Many of you have been wondering how and why so many lions are infected with TB in the Greater Kruger National park. AKA the Sabi Sands game reserve. TB was most likely introduced into the KNP on the southern Boundary of the Kruger following intermingling between Buffalo and infected cattle in the 1960s and 1980s but remained undetected until the 1990s when it was found in a young Buffalo bull.

What is TB:
Tuberculosis (TB) is a disease affecting cattle and a variety of wildlife worldwide. It is caused by a bacteria (Mycobacterium bovis) that gains access to the body via the respiratory or alimentary tracts or through the skin. 

Over the past couple of years in the Northern block of the Sabi Sands which consists of 2 well known prides, the Nkuhumas, controlled by the 2 Dominant males known as the Avoca brothers , the Talamati pride controlled by the Other Avoca brother, and then taken over by the S8/ Imbali male.

2 of these well known males died at the hands of this disease.

Here I will discuss my theory as to why the Male (S8/Imbali) perished quicker than Blondie the Avoca male.

Firstly, how do lions contract TB.

Buffalo carcasses are the most likely sources of infection in carnivores, particularly lions, which are infected via the gut when feeding on infected carcasses. In the KNP buffaloes constitute about 4% of lion’s total food although this figure may be higher in the Sabi Sands. Once infected a lion can shed the virus in aerosols and infect other members in the pride due to their highly social nature. Infected lions may show signs of progressive weight loss, poor healing skin wounds, joint swellings, muscle loss and eye lesions. 

What I have learnt during my time in the bush while observing these cats and why I think male lions are more susceptible to this disease than the females.

Hunting Buffalo, which are the main host carrier’s of the Bovine TB Disease in the region, and a preferred prey species for the Nkuhuma and Talamati prides.

With prides consisting of 3 dominant females in the Nkuhuma pride at the time, and the Talamati pride consisting of one dominant female and sub adults.

The majority of the hunt will be done by the females of the pride, thereafter the will need the weight of the males, especially when lacking numbers in there favour to take down a animal weighing in at around 900 plus KG.

The main source responsible for TB is through aerosol droplets, and the reason I say this is because when lions kill Buffalo, the male lion due to size and strength will muzzle the Buffalo, meaning he will bite the animal around the snout and mouth, so that the Buffalo has no chance of calling in reinforcements.

And through the breathing of the buffalo the lion will contract the disease via aerosol droplets, hence more males will contract the disease than females. Even though the kill bite is around the neck of the animal, which is done by either the females or the males of the pride.

Now we take the Avoca male ( Blondie ) that died from TB, his condition deteriorated over a longer period than that of the S8 male.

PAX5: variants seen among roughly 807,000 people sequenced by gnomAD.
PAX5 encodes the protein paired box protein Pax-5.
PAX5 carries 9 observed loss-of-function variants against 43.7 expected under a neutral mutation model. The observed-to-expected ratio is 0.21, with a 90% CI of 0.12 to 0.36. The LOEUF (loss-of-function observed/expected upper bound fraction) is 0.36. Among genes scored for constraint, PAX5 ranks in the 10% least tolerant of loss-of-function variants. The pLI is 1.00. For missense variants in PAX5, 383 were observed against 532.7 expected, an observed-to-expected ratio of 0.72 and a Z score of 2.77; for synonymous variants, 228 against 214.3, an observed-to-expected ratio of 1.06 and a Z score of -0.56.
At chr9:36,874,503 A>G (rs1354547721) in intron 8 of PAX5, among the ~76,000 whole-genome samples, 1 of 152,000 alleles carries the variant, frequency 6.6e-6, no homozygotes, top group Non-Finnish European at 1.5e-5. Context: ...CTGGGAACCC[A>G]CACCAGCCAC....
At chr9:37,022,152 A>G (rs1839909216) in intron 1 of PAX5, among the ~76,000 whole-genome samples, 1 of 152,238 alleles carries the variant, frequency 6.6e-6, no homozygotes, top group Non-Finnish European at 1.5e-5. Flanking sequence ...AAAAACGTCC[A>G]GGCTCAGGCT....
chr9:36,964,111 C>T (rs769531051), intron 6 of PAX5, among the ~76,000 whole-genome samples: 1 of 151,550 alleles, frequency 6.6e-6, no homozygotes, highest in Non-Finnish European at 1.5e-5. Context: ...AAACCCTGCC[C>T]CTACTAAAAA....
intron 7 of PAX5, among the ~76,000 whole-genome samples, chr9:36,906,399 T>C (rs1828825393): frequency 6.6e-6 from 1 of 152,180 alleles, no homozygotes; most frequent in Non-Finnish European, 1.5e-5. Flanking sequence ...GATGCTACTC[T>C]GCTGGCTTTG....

Yes TB can take anything from 2 to 5 years to show in the animals condition, hence Blondie only showed signs of the disease much later, due to the fact the he had his pride and brother looking after him and had loads of food to consume during this period, until the TB finally got hold of him and he sadly passed away.

In the case with the S8/Imbali male, things were totally different.

Events leading up to his death, sighting reports that I was in, we viewed him as a healthy male, but other factors that I witnessed in his deterioration was due to the fact that he was unfortunately involved in a fight with another male leaving him with some visible wounds leading up to the day he finally met his maker.

This could have been the cause for his disease to show much quicker than the norm. When animals show weakness , tick population increases, malnutrition sets in, the ability to keep up with the rest of the pride and feed and the lack of water could all be factors in the speeding up of the TB in his system. Another contributing factor could be immune deficiency diseases (eg: Feline AIDS)  All these factors combined could be the answer as to why he died way quicker than the Aovca male.

Due to the complex social structure amongst lions, the illness and death of the leading members of the pride can have devastating consequences for the other members. TB has an impact beyond just the infected lions.

With most of the prides in the Sabi Sands being protected by a coalition of two or more males (usually related), the death of these individuals can mean upheaval and death for the remaining members as new males take over, typically killing the cubs.

The shortened tenure of the males in charge of the pride will mean that only a couple of generations of cubs will be unaffected by changes at the top. In studies, it has been shown that the prides in the northern regions, with longer tenures, have more time to raise young.

Lions are apex predators which determine the balance of species and therefore impact biodiversity in an ecosystem.

Increased awareness of TB in wildlife is the first step in addressing the ecological, conservation, socioeconomic and public health issues associated with this disease. Since BTB affects a wide diversity of species, including domestic animals, wildlife, and humans, research is crucial to understanding the prevalence and risk factors associated with intra- and interspecies transmission.

Regards Deon Wessels
Chitwa Chitwa